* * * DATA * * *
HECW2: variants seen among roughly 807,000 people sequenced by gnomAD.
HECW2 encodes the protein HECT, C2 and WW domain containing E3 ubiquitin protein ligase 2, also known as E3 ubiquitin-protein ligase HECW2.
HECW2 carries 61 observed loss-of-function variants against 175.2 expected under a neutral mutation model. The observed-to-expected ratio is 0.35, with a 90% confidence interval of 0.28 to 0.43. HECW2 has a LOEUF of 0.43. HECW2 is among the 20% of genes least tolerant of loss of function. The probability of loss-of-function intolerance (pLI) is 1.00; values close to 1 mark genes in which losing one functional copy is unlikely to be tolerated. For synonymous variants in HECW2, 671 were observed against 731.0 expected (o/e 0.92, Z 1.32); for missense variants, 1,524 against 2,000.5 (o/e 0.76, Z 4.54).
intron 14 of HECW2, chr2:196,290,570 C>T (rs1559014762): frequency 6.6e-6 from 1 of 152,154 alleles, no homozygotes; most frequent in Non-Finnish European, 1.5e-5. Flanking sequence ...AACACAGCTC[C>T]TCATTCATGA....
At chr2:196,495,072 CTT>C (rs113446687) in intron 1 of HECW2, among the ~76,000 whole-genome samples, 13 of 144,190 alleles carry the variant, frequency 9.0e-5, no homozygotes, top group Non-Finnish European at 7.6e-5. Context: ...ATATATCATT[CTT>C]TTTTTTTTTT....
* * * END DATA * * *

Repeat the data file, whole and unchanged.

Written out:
HECW2: variants seen among roughly 807,000 people sequenced by gnomAD.
HECW2 encodes the protein HECT, C2 and WW domain containing E3 ubiquitin protein ligase 2, also known as E3 ubiquitin-protein ligase HECW2.
HECW2 carries 61 observed loss-of-function variants against 175.2 expected under a neutral mutation model. The observed-to-expected ratio is 0.35, with a 90% confidence interval of 0.28 to 0.43. HECW2 has a LOEUF of 0.43. HECW2 is among the 20% of genes least tolerant of loss of function. The probability of loss-of-function intolerance (pLI) is 1.00; values close to 1 mark genes in which losing one functional copy is unlikely to be tolerated. For synonymous variants in HECW2, 671 were observed against 731.0 expected (o/e 0.92, Z 1.32); for missense variants, 1,524 against 2,000.5 (o/e 0.76, Z 4.54).
intron 14 of HECW2, chr2:196,290,570 C>T (rs1559014762): frequency 6.6e-6 from 1 of 152,154 alleles, no homozygotes; most frequent in Non-Finnish European, 1.5e-5. Flanking sequence ...AACACAGCTC[C>T]TCATTCATGA....
At chr2:196,495,072 CTT>C (rs113446687) in intron 1 of HECW2, among the ~76,000 whole-genome samples, 13 of 144,190 alleles carry the variant, frequency 9.0e-5, no homozygotes, top group Non-Finnish European at 7.6e-5. Context: ...ATATATCATT[CTT>C]TTTTTTTTTT....